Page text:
|See also:||seme, yaoi, Weepy Uke Syndrome, Height Rule, Big Guy, Little Guy, Size Kink|
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Uke is a term originating in martial arts created by the Samurai Warriors fandom and used by yaoi fans to describe the submissive or "pursued" half in a male-male relationship (seme being the dominant or "pursuing" half). Derived from the Japanese verb "ukeru," which means "to receive" (abstractly).
Initially in a stereotyped and heteronormative way, the passive male characters in a slash couple, called then by the name uke were characterized as more feminine, short in stature, slim figure and angelic face, often androgynous in appearance and with hobbies and mannerisms seen as typically female. They are usually younger than their romantic counterparts – semes – with silky hair, large eyes and prominent eyelashes. Sometimes he is portrayed as someone very charismatic, romantic and who always smiles.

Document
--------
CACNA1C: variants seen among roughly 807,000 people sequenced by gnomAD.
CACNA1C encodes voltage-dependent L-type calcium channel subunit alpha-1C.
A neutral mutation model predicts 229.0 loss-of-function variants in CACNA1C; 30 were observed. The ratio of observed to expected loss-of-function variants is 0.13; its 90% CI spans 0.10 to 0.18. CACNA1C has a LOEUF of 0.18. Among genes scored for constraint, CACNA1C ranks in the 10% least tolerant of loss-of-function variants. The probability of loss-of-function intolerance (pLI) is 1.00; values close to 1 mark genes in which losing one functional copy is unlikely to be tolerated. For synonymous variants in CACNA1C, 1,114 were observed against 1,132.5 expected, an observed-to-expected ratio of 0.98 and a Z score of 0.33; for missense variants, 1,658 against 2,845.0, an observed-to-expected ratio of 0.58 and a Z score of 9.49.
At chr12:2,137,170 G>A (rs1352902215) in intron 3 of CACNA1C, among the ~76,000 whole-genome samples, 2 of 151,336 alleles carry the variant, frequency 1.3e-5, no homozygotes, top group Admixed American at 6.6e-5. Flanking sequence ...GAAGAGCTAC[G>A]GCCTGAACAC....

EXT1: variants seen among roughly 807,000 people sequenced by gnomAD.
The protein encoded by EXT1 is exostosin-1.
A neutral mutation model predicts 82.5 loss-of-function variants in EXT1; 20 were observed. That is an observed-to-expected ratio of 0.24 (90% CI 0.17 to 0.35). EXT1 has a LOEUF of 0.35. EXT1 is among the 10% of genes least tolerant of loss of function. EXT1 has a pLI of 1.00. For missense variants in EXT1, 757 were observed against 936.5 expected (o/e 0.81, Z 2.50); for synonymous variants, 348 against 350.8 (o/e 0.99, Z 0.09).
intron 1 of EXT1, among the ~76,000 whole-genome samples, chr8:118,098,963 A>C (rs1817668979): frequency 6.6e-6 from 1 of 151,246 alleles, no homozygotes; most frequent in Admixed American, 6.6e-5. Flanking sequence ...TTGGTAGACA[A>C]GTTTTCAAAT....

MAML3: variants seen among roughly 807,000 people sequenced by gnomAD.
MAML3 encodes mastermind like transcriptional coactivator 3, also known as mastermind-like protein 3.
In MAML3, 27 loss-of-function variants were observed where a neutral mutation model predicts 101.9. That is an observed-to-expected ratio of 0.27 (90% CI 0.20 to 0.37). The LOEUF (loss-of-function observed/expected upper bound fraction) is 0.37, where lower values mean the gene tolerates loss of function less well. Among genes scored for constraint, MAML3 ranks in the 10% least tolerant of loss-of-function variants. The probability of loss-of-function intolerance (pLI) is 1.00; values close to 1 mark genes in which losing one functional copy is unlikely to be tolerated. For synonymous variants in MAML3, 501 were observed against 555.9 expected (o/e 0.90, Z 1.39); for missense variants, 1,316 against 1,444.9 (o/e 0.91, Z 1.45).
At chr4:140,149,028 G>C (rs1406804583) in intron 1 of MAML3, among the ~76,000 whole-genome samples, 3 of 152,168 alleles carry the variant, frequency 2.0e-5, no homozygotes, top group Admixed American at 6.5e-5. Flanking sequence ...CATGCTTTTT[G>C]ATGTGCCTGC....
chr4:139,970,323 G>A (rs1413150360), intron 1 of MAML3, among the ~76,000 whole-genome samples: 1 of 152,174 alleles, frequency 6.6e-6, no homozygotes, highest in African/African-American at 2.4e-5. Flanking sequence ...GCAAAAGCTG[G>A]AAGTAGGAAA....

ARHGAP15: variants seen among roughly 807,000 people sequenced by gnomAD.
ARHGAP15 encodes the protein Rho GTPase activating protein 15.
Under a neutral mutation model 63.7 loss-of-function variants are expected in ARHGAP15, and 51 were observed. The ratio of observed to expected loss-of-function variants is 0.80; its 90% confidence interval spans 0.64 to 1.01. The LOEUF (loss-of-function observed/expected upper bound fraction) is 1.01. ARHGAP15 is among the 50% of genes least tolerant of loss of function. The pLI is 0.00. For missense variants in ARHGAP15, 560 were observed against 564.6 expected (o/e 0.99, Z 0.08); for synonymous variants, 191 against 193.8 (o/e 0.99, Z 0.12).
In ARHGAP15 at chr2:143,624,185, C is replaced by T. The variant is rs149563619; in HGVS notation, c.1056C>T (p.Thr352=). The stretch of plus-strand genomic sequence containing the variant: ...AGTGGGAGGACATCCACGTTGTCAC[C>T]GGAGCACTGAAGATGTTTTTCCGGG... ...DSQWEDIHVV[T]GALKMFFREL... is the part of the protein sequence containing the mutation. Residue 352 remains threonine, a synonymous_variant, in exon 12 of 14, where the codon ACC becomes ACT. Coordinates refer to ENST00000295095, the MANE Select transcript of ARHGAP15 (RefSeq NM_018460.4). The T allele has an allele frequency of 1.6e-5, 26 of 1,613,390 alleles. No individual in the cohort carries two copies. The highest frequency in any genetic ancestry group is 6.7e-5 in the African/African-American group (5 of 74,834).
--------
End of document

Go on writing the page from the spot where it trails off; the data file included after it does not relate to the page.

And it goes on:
In modern Japanese fandom, several other terms have arisen to replace "uke", although the term is still in use. Migi, or "right", is sometimes used to refer to the bottom partner, while hidari ("left") is used to refer to the top, with these terms deriving from the order of the ship name. More rarely, the term "neko" (slang for a bottom among the LGBT community) may be used to describe the bottom.
Sou-uke is used to describe either multiship works in which a single character is depicted as the uke to numerous other characters, or to indicate that someone is a multishipper with a single character as the focal "receiving point". The term is variously translated as "total uke" or "buttslut".
[...] Of course, then there's the whole seme/uke business, which comes off as the authors having to put the characters into what are really thinly-veiled male/female roles so that it's easier for their heterosexual female target audience to identify with them. I mean, could you get any more heteronormative?
- "Blyme on Twitter: "1. O fandom de Samurai Warriors (1988) foi quem…". 2019-01-09. Archived from the original on 2022-03-05.
- trivium at Fanthropology, available in: "Slash is going mainstream? - Fanthropology - The Study of Fandom…". 2006-11-09. Archived from the original on 2022-03-05.